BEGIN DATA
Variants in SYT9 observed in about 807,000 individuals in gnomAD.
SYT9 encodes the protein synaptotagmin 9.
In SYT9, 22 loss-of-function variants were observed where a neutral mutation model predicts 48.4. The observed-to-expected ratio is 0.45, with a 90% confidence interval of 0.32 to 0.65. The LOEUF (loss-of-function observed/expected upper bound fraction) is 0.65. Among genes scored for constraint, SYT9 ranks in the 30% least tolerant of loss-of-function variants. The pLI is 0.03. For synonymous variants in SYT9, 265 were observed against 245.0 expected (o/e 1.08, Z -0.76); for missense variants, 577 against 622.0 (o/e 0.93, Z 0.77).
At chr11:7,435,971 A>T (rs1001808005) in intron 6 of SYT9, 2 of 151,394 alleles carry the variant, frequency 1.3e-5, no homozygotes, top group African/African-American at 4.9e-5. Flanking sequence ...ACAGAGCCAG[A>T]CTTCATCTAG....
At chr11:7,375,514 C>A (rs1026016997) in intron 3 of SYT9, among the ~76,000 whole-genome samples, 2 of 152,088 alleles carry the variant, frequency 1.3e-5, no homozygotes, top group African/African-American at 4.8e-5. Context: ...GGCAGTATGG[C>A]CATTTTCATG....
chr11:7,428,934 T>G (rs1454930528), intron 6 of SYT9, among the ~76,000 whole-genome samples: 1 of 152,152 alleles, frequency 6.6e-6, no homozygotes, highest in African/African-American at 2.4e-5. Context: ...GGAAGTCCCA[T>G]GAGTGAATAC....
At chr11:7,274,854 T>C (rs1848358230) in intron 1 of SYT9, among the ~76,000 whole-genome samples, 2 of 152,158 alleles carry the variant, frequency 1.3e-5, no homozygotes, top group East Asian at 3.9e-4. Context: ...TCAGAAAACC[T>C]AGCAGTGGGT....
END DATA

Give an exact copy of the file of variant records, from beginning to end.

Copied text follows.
Variants in SYT9 observed in about 807,000 individuals in gnomAD.
SYT9 encodes the protein synaptotagmin 9.
In SYT9, 22 loss-of-function variants were observed where a neutral mutation model predicts 48.4. The observed-to-expected ratio is 0.45, with a 90% confidence interval of 0.32 to 0.65. The LOEUF (loss-of-function observed/expected upper bound fraction) is 0.65. Among genes scored for constraint, SYT9 ranks in the 30% least tolerant of loss-of-function variants. The pLI is 0.03. For synonymous variants in SYT9, 265 were observed against 245.0 expected (o/e 1.08, Z -0.76); for missense variants, 577 against 622.0 (o/e 0.93, Z 0.77).
At chr11:7,435,971 A>T (rs1001808005) in intron 6 of SYT9, 2 of 151,394 alleles carry the variant, frequency 1.3e-5, no homozygotes, top group African/African-American at 4.9e-5. Flanking sequence ...ACAGAGCCAG[A>T]CTTCATCTAG....
At chr11:7,375,514 C>A (rs1026016997) in intron 3 of SYT9, among the ~76,000 whole-genome samples, 2 of 152,088 alleles carry the variant, frequency 1.3e-5, no homozygotes, top group African/African-American at 4.8e-5. Context: ...GGCAGTATGG[C>A]CATTTTCATG....
chr11:7,428,934 T>G (rs1454930528), intron 6 of SYT9, among the ~76,000 whole-genome samples: 1 of 152,152 alleles, frequency 6.6e-6, no homozygotes, highest in African/African-American at 2.4e-5. Context: ...GGAAGTCCCA[T>G]GAGTGAATAC....
At chr11:7,274,854 T>C (rs1848358230) in intron 1 of SYT9, among the ~76,000 whole-genome samples, 2 of 152,158 alleles carry the variant, frequency 1.3e-5, no homozygotes, top group East Asian at 3.9e-4. Context: ...TCAGAAAACC[T>C]AGCAGTGGGT....